The code must naturally lead the upgrade process; and this is why we separate code from data; at least, this is a practical reason for doing so.
We are looking at one-man projects, here. One person to do the testing, update the code, and update the data.
And maintain sufficient spare motivation to perform library upgrades.
Dynamic linking introduces the problem of api compatibility. Any significant changes in the library routines may mean that the application using the library needs rigorous testing when the library is upgraded. Libraries are supposed to reduce your workload, but now you are at the mercy of the library author. Thus we need an api version; and we find that the library author may have bitten off more than they can chew.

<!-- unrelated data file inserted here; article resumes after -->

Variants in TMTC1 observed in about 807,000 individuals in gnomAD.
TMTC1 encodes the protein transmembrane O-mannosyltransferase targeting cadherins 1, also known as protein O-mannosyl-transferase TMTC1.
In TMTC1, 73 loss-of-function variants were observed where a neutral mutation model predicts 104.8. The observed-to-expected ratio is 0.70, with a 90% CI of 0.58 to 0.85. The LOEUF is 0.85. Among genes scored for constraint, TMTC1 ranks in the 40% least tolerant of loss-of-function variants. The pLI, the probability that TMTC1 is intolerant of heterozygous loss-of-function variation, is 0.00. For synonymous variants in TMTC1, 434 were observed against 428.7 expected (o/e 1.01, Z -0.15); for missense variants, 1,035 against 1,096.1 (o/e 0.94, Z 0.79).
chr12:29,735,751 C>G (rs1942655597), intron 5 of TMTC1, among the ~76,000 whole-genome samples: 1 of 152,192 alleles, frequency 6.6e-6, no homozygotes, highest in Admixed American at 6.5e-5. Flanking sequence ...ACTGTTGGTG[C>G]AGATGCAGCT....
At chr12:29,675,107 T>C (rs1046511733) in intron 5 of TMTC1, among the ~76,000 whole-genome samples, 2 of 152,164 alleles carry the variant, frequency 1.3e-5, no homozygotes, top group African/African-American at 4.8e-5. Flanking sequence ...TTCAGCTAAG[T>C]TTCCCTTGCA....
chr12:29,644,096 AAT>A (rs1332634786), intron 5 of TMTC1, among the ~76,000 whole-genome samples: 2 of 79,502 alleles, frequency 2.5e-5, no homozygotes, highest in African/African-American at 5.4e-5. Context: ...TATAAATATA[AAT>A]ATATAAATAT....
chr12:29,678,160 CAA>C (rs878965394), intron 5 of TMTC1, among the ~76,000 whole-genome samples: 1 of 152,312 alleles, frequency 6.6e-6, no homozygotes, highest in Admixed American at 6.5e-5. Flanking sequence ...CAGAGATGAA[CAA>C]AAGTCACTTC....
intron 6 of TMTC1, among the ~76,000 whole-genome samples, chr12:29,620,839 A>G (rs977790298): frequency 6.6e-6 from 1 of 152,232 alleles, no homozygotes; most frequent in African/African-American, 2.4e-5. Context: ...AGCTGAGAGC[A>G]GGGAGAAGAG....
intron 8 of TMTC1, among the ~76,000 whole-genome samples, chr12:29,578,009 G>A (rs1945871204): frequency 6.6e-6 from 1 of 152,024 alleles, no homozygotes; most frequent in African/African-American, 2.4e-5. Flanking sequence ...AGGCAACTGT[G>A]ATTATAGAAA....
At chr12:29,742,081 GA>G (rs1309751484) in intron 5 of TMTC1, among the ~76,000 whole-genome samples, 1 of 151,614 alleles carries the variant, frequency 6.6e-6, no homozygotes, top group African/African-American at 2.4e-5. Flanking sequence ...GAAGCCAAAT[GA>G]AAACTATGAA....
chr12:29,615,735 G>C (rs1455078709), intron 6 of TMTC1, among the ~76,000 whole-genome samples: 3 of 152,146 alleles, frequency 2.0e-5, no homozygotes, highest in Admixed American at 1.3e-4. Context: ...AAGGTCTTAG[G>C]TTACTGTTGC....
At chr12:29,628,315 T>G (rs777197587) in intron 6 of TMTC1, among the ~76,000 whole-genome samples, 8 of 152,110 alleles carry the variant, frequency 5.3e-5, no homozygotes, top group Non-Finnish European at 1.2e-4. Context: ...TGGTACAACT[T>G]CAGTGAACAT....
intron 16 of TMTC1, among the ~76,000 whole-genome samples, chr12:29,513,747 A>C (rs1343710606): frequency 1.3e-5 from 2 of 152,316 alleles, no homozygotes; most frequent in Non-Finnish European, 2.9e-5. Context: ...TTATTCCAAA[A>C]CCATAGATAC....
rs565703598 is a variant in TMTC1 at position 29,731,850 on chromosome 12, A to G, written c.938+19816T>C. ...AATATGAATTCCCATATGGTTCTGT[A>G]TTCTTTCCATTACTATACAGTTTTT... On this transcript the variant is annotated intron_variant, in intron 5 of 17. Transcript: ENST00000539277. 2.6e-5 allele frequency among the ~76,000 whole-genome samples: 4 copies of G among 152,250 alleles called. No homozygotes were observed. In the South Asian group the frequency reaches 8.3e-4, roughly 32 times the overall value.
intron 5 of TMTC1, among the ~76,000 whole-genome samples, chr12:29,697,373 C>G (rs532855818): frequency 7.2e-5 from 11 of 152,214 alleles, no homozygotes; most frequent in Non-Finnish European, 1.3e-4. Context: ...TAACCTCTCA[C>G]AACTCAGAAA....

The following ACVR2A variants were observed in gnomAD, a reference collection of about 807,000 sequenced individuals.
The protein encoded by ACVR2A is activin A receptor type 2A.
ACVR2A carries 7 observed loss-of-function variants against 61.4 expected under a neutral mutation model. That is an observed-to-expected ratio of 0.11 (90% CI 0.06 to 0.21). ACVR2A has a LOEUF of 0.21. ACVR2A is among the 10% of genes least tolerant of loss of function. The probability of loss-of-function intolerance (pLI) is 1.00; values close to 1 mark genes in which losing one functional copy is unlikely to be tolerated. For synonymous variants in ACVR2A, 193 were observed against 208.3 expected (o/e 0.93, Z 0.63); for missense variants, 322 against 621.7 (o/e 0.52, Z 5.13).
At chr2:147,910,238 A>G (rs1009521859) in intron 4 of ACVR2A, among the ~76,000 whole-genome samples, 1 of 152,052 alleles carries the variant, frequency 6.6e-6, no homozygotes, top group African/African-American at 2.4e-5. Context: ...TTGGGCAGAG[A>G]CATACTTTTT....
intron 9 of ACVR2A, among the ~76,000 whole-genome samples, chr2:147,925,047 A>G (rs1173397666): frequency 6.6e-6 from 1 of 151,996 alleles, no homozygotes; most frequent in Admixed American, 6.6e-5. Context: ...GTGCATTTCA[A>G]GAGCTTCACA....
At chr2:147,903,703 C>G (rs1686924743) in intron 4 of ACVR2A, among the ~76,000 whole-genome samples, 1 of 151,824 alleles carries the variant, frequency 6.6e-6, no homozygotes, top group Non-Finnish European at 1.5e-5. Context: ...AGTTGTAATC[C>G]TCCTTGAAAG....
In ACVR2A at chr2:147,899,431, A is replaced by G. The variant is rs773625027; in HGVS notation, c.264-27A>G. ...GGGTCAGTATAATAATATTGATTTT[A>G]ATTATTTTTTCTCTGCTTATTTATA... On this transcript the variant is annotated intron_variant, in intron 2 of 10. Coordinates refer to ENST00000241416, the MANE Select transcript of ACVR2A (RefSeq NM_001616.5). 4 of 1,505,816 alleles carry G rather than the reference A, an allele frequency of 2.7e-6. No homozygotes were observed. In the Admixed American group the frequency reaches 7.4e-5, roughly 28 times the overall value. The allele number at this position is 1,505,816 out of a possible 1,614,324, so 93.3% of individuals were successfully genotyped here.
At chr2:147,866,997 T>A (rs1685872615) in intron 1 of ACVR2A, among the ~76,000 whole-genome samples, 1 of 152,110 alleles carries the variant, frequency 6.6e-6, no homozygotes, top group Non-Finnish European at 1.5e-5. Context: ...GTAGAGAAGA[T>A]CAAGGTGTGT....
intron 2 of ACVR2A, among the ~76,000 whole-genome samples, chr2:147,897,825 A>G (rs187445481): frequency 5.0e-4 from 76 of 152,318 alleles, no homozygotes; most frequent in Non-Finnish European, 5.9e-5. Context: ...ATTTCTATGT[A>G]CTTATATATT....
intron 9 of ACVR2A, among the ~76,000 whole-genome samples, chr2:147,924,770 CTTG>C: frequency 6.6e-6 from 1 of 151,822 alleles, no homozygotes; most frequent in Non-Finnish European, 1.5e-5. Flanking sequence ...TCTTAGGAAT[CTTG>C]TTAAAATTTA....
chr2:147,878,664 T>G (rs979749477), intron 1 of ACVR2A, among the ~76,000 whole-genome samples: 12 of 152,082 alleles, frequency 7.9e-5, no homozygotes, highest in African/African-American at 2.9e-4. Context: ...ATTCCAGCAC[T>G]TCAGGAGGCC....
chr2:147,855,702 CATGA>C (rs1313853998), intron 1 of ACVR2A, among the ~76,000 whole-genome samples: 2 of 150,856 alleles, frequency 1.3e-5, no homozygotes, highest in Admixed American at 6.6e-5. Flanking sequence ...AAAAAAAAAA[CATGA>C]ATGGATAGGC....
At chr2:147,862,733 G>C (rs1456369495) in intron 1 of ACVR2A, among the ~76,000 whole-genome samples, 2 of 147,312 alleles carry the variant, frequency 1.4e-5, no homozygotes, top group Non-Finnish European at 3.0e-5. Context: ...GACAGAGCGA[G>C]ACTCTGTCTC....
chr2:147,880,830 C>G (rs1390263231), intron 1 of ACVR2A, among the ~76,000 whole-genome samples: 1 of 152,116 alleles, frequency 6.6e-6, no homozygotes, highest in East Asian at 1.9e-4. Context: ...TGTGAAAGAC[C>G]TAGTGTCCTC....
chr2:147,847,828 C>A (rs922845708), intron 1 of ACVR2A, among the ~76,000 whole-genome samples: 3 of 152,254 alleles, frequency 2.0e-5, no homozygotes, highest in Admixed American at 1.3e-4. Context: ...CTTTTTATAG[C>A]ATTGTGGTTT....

In software there is no harm in reinventing the wheel, so long as you are responsible. Otherwise it is best to find libraries which are authored by those who let sleeping dogs lie.
I would not mention this, as seeming to be obvious, but that in recent times whole languages have been made obsolete.
As well the following seems obvious, but that software quality control is now a separate discipline:
Software improvements--features and bugs--are all quality improvements. Pay attention to the upgrade process and quality will take care of itself.